The future of Apple TV



The survey should provide useful information on what users want and how they are currently using Apple TV, enabling the company to improve the device and its software, as well as its marketing. Apple currently does very little promotion of the device, leaving it almost entirely positioned as a way to watch iTunes movie rentals, TV shows, and photos. The company's website only makes relatively brief mention of the system's ability to play free podcasts and present home videos and albums from Flickr and the company's own MobileMe Gallery service.



Many observers have stated that the success of the iPod was in large part due to its ability to work with content users already had, particularly the tight integration with iTunes' ability to rip CDs. Apple TV lacks any ability to play back DVDs remotely, and requires a more complex, do-it-yourself process to transcode DVDs into playable files. That might change if the company could convince labels to allow iTunes to rip DVDs (or play them remotely using the company's Remote Disc drive sharing technology), but any progress on that front has been complicated by licensing terms and the much longer and complex task of ripping DVD data, relative to the much simpler task of copying and compressing the unencrypted audio files from CDs. Studios have acted to include a mobile version of movies that now appears on many new DVD titles, however.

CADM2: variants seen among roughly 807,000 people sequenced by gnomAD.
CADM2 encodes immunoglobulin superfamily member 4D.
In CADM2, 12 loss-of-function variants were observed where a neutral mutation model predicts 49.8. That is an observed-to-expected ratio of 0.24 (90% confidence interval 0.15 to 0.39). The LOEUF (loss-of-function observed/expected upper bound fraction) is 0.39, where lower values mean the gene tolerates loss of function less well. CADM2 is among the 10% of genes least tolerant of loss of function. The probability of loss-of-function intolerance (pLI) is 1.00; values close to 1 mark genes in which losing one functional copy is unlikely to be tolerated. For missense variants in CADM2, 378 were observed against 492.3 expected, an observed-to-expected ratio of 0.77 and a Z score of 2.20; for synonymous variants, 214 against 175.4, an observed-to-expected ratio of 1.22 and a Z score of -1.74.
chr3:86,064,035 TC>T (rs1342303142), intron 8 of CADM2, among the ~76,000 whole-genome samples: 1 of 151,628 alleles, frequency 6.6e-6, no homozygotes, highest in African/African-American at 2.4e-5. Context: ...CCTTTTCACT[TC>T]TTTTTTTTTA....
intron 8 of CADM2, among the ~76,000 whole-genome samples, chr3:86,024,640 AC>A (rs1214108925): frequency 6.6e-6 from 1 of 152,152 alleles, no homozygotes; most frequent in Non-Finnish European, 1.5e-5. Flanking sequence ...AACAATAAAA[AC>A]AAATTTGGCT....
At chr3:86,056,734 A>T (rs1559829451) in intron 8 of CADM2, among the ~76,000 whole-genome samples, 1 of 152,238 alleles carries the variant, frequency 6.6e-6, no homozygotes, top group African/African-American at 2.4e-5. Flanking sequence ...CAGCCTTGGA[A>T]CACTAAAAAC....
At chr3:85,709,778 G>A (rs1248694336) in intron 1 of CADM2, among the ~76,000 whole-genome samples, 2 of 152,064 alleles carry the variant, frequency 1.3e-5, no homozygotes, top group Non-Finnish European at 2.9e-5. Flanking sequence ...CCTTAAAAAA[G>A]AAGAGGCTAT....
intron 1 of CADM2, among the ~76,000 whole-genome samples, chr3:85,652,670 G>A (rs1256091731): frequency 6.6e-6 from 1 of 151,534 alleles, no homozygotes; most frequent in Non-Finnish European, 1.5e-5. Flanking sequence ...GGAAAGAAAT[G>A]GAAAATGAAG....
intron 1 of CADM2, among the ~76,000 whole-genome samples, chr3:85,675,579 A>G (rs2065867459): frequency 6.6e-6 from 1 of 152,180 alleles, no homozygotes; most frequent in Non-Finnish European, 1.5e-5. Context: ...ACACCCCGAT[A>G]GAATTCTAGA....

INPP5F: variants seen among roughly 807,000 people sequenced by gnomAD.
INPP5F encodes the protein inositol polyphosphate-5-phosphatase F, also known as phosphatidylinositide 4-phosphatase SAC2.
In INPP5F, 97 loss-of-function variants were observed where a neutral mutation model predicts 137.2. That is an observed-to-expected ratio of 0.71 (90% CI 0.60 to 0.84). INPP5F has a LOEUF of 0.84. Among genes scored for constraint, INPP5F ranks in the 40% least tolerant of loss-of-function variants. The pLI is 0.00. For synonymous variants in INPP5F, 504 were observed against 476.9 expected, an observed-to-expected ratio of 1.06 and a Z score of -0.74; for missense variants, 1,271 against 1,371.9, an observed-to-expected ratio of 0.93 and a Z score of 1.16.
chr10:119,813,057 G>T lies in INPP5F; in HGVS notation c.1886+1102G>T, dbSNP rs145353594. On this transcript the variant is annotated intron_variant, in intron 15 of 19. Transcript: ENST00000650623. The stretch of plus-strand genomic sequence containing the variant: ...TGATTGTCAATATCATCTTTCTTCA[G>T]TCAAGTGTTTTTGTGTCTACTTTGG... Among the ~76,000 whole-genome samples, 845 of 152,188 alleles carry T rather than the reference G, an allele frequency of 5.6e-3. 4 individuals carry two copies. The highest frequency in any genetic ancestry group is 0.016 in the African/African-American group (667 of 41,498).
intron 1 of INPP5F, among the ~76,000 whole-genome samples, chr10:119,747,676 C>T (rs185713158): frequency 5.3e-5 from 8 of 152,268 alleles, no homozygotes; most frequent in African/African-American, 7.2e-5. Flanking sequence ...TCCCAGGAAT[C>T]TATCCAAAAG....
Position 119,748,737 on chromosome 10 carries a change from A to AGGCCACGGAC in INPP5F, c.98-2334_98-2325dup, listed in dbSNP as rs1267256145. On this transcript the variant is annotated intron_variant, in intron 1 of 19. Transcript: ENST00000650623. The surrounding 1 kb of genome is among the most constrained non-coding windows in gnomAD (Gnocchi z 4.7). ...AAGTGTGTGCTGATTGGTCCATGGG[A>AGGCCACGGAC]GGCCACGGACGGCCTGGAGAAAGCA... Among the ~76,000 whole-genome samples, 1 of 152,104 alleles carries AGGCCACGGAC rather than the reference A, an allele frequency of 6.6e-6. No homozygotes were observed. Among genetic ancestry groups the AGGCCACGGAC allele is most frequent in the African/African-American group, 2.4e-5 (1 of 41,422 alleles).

Analysts also jumped on Apple's recent revelation that its December quarter sales of the device were up three times over sales a year ago, and have tried to suggest a number of ways the company could apply that mounting interest in future products. Commonly offered ideas include Bernstein Research analyst Toni Sacconaghi's recommendation to turn the media player into a DVR and cable box, and the recent report by Piper Jaffray analyst Gene Munster that suggests Apple might want to enter the TV set business.



Fortune cited a report in RoughlyDrafted Magazine that recommended Apple open the box to third party developers similar to the iPhone App Store, offering an SDK for building mini games, interactive web widgets, and productivity apps tied into online services such as iWork.com, all navigated using a handheld iPhone or iPod touch. It also suggested improved promotion free content such as Internet radio, podcasts, and iTunes U.
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Comments

  • Reply 1 of 180
    hmurchisonhmurchison Posts: 12,114member
    Apple TV is dooooooooooooomed.



    j/k as always



    Ok I don't own one yet but Hulu support and other freebie streamers would be nice.



    Make'em cheaper too.
  • Reply 2 of 180
    trip1extrip1ex Posts: 109member
    Cheaper content is what it needs. I don't know why Redbox can deliver $1/night DVDs and Netflix can do 2 at a time DVDS with free streaming of older content for $15/month while iTunes has $4/night rentals and $15 to buy a movie.